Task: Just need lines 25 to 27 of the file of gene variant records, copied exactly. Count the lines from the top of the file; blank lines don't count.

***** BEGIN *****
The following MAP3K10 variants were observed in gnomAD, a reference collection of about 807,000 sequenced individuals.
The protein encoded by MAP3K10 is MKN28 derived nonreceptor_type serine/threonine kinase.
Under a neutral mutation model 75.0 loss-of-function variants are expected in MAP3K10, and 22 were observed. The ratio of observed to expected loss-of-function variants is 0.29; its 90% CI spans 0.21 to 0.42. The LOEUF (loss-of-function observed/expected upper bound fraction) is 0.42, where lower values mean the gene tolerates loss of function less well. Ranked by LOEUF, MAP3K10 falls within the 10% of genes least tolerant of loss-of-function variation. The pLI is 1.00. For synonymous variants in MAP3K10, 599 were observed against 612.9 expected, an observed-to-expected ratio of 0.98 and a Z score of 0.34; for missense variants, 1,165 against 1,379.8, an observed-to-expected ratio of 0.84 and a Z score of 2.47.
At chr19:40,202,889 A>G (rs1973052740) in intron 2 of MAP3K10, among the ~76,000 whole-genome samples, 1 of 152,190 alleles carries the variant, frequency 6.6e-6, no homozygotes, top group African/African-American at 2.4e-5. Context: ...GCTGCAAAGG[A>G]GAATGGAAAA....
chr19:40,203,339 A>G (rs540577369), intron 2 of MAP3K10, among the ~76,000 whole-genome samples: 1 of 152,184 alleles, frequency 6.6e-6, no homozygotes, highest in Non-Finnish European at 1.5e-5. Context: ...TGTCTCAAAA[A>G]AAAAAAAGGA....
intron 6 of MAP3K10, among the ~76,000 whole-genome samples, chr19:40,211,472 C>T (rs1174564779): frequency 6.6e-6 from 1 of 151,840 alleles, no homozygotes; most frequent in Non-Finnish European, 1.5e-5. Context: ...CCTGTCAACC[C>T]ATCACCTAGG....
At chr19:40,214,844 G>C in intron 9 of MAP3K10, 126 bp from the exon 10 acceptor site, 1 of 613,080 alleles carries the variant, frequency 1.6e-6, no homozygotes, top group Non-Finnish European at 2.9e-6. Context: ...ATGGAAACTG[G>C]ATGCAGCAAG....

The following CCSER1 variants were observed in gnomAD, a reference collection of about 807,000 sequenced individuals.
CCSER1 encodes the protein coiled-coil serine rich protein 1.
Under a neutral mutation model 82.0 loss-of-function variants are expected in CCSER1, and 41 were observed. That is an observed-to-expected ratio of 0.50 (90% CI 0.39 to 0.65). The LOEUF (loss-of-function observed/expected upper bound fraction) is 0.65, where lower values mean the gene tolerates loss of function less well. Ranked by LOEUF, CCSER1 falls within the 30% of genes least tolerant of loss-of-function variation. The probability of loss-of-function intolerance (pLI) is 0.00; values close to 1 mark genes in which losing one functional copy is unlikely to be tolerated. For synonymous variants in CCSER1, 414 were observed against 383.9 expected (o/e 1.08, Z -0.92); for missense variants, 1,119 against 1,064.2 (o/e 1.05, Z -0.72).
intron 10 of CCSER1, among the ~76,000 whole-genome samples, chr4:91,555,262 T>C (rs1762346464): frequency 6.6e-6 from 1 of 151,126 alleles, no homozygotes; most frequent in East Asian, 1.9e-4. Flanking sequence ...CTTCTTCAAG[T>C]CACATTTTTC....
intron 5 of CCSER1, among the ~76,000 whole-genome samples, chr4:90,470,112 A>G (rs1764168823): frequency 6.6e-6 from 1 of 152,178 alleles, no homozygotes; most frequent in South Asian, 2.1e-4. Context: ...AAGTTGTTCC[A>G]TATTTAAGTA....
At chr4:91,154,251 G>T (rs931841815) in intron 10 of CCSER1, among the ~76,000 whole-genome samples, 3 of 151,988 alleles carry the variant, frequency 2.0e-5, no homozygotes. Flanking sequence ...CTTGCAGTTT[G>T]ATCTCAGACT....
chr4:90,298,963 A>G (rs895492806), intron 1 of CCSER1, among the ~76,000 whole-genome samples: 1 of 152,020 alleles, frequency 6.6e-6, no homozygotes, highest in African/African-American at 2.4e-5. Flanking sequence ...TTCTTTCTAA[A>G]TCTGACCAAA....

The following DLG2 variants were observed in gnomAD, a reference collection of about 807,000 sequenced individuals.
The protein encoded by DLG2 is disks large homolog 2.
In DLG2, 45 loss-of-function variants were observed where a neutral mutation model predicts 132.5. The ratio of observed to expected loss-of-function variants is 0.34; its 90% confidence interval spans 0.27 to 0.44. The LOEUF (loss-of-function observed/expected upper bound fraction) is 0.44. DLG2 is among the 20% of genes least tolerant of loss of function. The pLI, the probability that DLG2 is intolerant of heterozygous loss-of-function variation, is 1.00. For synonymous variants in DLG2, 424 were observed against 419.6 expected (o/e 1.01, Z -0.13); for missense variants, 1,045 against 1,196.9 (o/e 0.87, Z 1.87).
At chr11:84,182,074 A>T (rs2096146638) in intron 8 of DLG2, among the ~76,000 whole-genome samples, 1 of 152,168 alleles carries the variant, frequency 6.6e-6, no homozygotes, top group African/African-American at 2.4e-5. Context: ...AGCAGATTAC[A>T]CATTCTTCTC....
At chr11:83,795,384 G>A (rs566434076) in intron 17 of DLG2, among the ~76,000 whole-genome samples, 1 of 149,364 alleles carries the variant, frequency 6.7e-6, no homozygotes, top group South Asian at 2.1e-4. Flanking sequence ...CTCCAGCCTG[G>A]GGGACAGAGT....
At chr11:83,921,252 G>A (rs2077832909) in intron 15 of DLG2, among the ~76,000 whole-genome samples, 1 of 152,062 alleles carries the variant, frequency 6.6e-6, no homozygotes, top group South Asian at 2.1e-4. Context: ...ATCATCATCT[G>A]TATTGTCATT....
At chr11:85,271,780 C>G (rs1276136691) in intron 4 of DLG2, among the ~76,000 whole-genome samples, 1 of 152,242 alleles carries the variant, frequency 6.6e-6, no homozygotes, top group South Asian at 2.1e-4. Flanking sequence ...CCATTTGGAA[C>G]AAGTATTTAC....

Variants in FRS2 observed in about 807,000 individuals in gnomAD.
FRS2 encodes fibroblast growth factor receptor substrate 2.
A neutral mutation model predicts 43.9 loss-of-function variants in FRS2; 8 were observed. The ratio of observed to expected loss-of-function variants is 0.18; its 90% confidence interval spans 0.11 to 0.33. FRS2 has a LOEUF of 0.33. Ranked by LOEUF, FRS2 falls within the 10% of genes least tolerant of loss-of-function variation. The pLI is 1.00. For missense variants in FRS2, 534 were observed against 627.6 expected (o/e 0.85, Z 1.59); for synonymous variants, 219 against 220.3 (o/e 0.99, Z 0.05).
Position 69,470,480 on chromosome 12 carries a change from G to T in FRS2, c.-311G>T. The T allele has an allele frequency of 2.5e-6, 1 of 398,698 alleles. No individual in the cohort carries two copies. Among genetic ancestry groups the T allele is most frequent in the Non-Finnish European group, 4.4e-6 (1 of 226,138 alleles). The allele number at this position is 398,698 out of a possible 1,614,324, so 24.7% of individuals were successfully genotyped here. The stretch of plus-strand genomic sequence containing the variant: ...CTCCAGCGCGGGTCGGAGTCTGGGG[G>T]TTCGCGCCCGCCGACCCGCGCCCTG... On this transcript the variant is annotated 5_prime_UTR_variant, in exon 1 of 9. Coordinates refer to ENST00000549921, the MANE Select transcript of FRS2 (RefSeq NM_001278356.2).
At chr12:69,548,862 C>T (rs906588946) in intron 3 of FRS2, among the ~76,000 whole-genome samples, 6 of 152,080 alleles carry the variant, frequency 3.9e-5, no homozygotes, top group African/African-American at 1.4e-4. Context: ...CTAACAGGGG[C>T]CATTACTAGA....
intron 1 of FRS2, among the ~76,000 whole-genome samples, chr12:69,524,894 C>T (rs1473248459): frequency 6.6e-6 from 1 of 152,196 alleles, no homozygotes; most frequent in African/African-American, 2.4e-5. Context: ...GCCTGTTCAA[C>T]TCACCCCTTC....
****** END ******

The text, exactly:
Position 69,470,480 on chromosome 12 carries a change from G to T in FRS2, c.-311G>T. The T allele has an allele frequency of 2.5e-6, 1 of 398,698 alleles. No individual in the cohort carries two copies. Among genetic ancestry groups the T allele is most frequent in the Non-Finnish European group, 4.4e-6 (1 of 226,138 alleles). The allele number at this position is 398,698 out of a possible 1,614,324, so 24.7% of individuals were successfully genotyped here. The stretch of plus-strand genomic sequence containing the variant: ...CTCCAGCGCGGGTCGGAGTCTGGGG[G>T]TTCGCGCCCGCCGACCCGCGCCCTG... On this transcript the variant is annotated 5_prime_UTR_variant, in exon 1 of 9. Coordinates refer to ENST00000549921, the MANE Select transcript of FRS2 (RefSeq NM_001278356.2).
At chr12:69,548,862 C>T (rs906588946) in intron 3 of FRS2, among the ~76,000 whole-genome samples, 6 of 152,080 alleles carry the variant, frequency 3.9e-5, no homozygotes, top group African/African-American at 1.4e-4. Context: ...CTAACAGGGG[C>T]CATTACTAGA....
intron 1 of FRS2, among the ~76,000 whole-genome samples, chr12:69,524,894 C>T (rs1473248459): frequency 6.6e-6 from 1 of 152,196 alleles, no homozygotes; most frequent in African/African-American, 2.4e-5. Context: ...GCCTGTTCAA[C>T]TCACCCCTTC....